Industry body, Society of Indian Automobile Manufacturers – which collates wholesale data for the auto industry, said companies shipped 5.6 per cent less cars and 8.3 per cent less SUVs to their dealerships in September 2018. This was the steepest decline in a month since June 2017, when dispatches were artificially low due to the roll-out of a unified GST in July. The lower shipment was a clear indication that consumers were not inclined to-
wards buying cars. “It is obvious there is a mismatch in demand and supply so the inventory is high in dealerships,” says Rajan Wadhera, President, Automotive Sector, M& M, in mid- October.
“In the run-up to festive season, manufacturers stock up at dealerships and if the sales are not commensurate to expectations, there is a problem of inventory which would need to be cleared at some point of time.”
Much against hopes of the industry, the script would not change during Navratri or Diwali as sales slumped to a five-year low. According to the Federation of Automobile Dealers Association (FADA), retail sale of passenger vehicles during the 42-day period of festive season between October 10 and November 20 last year declined 14 per cent compared to the festive season of 2017.
“We have not seen such a dull festive season, in the past few years,” says FADA President, Ashish Harsharaj Kale. “It is a matter of deep concern for our dealership community.”
“The festive season was below expectations. We were expecting that sentiment to revive by Diwali but factors like interest rates, firm fuel prices and additional cost of ` 9,000 on insurance premium were a drag,” says R. S. Kalsi, Executive Director, Marketing and Sales, Maruti Suzuki India. “The second half of the year has some concerns and growth may not pick up as the sentiment continues to be low.”
The sluggish offtake of cars and SUVs has jeopardised plans for the rest of the year with inventory levels continuing to be high at the dealerships. Before the festive season, inventory level for the industry at large stood at around 50 days. This has barely come down to 45-days by the end of November and remains higher than normal. As a result, most carmakers like Maruti, Toyota and Ford reported a decline in shipments to dealerships in November. Even Hyundai Motor India, which launched the new Santro in end October, and Tata Motors that had for all this while in the fiscal been an outlier, could not manage to grow their numbers during the month.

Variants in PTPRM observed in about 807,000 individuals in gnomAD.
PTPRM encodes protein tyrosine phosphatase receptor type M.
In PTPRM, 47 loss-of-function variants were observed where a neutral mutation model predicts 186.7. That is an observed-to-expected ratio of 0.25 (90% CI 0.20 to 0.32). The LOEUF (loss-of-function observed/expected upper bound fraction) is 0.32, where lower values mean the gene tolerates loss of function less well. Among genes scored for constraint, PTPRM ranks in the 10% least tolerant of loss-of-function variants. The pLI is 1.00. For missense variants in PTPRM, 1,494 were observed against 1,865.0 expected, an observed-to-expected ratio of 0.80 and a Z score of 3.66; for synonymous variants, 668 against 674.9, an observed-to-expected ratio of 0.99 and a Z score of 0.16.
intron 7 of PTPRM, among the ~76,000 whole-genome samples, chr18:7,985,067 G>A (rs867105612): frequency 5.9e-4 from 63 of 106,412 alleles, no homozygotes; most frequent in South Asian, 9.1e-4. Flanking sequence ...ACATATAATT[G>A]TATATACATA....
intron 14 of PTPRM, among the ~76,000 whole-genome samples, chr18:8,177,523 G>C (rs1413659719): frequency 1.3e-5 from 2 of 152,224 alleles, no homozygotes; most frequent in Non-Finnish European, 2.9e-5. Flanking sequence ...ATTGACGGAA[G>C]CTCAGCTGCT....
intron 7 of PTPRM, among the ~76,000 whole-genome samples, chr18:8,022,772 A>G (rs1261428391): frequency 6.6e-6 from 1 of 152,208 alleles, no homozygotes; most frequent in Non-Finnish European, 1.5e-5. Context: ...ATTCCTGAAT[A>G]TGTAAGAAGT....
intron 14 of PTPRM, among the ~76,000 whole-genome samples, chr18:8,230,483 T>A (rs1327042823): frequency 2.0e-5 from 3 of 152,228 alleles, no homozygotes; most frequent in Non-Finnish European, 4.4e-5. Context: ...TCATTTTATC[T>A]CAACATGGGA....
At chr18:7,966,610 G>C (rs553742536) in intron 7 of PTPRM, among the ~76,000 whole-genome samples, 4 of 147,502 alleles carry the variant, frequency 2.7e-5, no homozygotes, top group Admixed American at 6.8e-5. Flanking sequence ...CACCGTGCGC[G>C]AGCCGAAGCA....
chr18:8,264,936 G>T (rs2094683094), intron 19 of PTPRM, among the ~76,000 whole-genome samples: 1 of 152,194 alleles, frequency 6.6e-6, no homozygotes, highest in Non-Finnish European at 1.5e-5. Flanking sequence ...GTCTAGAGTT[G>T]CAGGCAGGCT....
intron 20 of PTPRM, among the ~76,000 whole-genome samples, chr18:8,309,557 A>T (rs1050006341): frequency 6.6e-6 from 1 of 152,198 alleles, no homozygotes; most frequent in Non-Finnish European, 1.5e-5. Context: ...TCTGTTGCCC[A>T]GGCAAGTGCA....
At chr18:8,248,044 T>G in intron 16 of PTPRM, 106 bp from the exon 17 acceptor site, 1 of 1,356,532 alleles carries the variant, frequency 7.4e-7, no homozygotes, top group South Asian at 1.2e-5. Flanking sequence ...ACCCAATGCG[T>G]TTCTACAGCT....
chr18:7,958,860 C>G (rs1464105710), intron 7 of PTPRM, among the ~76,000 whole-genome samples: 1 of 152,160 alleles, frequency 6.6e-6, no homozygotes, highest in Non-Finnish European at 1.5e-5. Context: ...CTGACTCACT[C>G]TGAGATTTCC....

“Consumer demand has witnessed a downward trend over the festive period. We are trying to maintain lean inventory at dealership to avoid stock pile-up,” says N. Raja, Deputy Managing Director, Toyota Kirloskar Motor.
What does the future hold for the industry? In the immediate short term, companies would be forced to dole out heavy discounts to clear the inventory. Typically, buyers stay away from purchasing in December as the year draws to a close fearing low resale value. In just a month or less, a car bought in December depreciates faster on book value due to the model year change. Carrying inventory to the next year for any dealer in particular, is always a headache.
There may be some respite for the industry as macroeconomic indicators for the economy seem to be improving. After reaching a high of $86 per barrel in October, Brent crude prices have slumped to under $60 per barrel. As a result, retail prices of petrol have gone down by ` 15 per litre from the highs of early October. Rupee has also appreciated against dollar, while the threat of any interest rate hike by the RBI looks unlikely for now.
“Economic indicators seem to be looking up from the last week of October, but the impact is still not visible on the ground. I am hoping it will become visible over the next few weeks,” says Goel of Honda.
An industry that braved disruptions like demonetisation and GST better than others, the passenger vehicle makers in the country now appear to be stuck on reverse gear.